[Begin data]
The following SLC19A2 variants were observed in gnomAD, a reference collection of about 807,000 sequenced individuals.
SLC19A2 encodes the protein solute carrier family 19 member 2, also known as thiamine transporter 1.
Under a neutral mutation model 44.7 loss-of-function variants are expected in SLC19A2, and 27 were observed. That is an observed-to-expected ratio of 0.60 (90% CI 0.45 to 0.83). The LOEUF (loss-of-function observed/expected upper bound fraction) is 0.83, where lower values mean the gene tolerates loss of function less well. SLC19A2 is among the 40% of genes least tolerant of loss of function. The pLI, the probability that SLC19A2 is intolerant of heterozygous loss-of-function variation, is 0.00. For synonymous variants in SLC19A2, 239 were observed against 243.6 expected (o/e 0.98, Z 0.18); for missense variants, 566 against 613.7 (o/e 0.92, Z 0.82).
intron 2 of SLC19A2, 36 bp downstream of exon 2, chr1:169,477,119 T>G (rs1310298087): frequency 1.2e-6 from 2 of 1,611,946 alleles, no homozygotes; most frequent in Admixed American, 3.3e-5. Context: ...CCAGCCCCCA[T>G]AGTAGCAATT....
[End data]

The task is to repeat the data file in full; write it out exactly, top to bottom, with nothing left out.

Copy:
The following SLC19A2 variants were observed in gnomAD, a reference collection of about 807,000 sequenced individuals.
SLC19A2 encodes the protein solute carrier family 19 member 2, also known as thiamine transporter 1.
Under a neutral mutation model 44.7 loss-of-function variants are expected in SLC19A2, and 27 were observed. That is an observed-to-expected ratio of 0.60 (90% CI 0.45 to 0.83). The LOEUF (loss-of-function observed/expected upper bound fraction) is 0.83, where lower values mean the gene tolerates loss of function less well. SLC19A2 is among the 40% of genes least tolerant of loss of function. The pLI, the probability that SLC19A2 is intolerant of heterozygous loss-of-function variation, is 0.00. For synonymous variants in SLC19A2, 239 were observed against 243.6 expected (o/e 0.98, Z 0.18); for missense variants, 566 against 613.7 (o/e 0.92, Z 0.82).
intron 2 of SLC19A2, 36 bp downstream of exon 2, chr1:169,477,119 T>G (rs1310298087): frequency 1.2e-6 from 2 of 1,611,946 alleles, no homozygotes; most frequent in Admixed American, 3.3e-5. Context: ...CCAGCCCCCA[T>G]AGTAGCAATT....